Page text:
The gentrification debate usually revolves around the idea that new, more affluent people are coming and current, less wealthy residents might be being driven away.
Bronx Borough President Ruben Diaz, Jr. doesn’t see it that way.
For him, new development—even of subsidized housing open only to people with relatively high incomes—is about retaining an incumbent population of professionals in the Bronx who now live in apartments that are cheaper than they need because they lack other options in the borough.
And it’s also about slapping “anarchists” around. At least that’s how Diaz pitched it to a room of housing advocates and developers at the New York Housing Conference’s annual symposium on Wednesday.
Diaz was joined on the dais by Rafael Cestero, a former city housing commissioner, and Daniel Hernandez, who currently works for the Department of Housing Preservation and Development. The two men talked about the importance—and challenges—of a multiagency approach to housing development that schedules infrastructure investments so that the new parks, schools and bus lines are in place when the new residential units come on line.
Process, the two stressed, is so important. Diaz agreed. A good process, he said, helped you to “weed out the anarchists.”
“Let’s face it, there are people who want the Bronx to stay the way it was in the 1990s*. There’s a handful of them,” Diaz said. “They don’t represent the community.”
Pointing to the Yankee Stadium redevelopment, where indications are that no major displacement has occurred, Diaz said: “We don’t subscribe to the notion that gentrification has to be about pushing one community out to bring another one in.”
“I strongly believe that there is a population of professionals and skilled workers in the Bronx that if we don’t give them what they want they are going to leave,” trapping the Bronx in its place as the borough with the highest poverty “because they take their employment status and their salaries with them,” Diaz added.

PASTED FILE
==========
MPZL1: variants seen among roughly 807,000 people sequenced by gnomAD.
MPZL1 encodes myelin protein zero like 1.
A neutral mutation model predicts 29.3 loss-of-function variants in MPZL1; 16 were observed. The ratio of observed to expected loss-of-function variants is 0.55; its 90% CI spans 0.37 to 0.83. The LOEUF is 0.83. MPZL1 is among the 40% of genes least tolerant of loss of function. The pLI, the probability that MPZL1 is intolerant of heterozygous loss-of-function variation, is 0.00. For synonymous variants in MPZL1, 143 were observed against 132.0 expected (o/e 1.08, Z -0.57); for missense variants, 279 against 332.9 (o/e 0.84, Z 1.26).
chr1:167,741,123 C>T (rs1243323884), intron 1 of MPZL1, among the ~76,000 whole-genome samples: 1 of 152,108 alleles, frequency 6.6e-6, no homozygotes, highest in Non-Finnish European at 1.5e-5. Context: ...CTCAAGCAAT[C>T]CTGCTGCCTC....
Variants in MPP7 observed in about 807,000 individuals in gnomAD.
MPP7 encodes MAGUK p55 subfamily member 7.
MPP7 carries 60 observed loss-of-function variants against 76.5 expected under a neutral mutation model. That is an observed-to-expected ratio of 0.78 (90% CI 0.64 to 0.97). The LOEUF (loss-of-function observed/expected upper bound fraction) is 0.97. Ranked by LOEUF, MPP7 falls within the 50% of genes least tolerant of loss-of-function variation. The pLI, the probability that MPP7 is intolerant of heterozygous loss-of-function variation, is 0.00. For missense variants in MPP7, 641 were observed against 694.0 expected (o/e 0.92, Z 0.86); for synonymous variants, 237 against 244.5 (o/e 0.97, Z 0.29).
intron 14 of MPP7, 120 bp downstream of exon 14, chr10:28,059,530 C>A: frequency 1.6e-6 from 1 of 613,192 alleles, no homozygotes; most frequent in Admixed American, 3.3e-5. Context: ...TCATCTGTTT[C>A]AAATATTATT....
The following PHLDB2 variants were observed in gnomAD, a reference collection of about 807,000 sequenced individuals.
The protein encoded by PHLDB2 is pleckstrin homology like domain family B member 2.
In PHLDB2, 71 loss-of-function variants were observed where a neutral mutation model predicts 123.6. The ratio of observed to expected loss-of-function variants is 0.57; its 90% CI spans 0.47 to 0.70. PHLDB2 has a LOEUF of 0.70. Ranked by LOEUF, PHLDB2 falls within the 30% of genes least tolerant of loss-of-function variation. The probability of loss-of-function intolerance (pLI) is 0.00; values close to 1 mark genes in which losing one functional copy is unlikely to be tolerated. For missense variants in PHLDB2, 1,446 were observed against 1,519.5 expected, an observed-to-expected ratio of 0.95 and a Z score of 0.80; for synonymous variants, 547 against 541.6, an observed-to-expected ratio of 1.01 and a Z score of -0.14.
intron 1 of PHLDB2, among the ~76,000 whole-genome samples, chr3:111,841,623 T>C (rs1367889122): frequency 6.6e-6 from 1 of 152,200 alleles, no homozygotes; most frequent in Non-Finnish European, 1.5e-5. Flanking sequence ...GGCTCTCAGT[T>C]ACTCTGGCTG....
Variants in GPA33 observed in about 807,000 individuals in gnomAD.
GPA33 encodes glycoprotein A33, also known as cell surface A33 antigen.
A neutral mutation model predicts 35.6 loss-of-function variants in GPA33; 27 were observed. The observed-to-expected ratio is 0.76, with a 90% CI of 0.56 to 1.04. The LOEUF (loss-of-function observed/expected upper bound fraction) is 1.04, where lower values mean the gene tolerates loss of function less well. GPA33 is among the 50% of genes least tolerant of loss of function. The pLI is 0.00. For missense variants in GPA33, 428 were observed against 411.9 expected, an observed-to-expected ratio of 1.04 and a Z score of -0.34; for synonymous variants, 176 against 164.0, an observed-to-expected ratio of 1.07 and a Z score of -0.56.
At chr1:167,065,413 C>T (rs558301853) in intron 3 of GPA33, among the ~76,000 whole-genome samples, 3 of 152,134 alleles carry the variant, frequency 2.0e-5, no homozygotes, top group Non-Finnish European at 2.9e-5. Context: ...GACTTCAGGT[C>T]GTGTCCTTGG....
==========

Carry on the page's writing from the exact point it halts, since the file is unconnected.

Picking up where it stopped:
Census data suggests Diaz is right that there is a growing professional-level population in his borough. From 2005 to 2013, the share of Bronx households making less than $15,000 fell from 30 percent to 26 percent, while the number making more than $100,000 rose from 15 percent to 20 percent. The brackets in between barely changed.
But the Bronx also leads the city in sending families to the city’s homeless shelters, hinting that its housing needs are not exclusively at the high end.
“What the community needs to understand in my borough is that while you have professional naysayers, you can’t always address everything with emotion,” Diaz continued Wednesday. “You can’t just always just shout ‘No! No! No! No!’ when a city agency brings you down to the table and asks you what you want [you say nothing.]”
“Look,” continued Diaz. “It’s happening. It’s happening. It’s happening. This is real. Ten years from now it’s changing. It’s happening” and if a community group doesn’t articulate a real vision “you’ll be left in the dark. You’ll be left in the cold and you’ll be chanting and screaming ‘What’s happening?'”
Diaz, of course, was depicted as a naysayer himself for opposing the 2009 deal that would have developed a mall in the long-dormant Kingsbridge Armory; Diaz said “no” because the scheme lacked a living-wage clause. He later nurtured the current plan for the site, which includes extensive community benefits and living wages, though for a smaller number of jobs than promised in the ’09 approach.
* Editor’s Note: Diaz’s office insists he said 1990s, not 1950s as I reported earlier.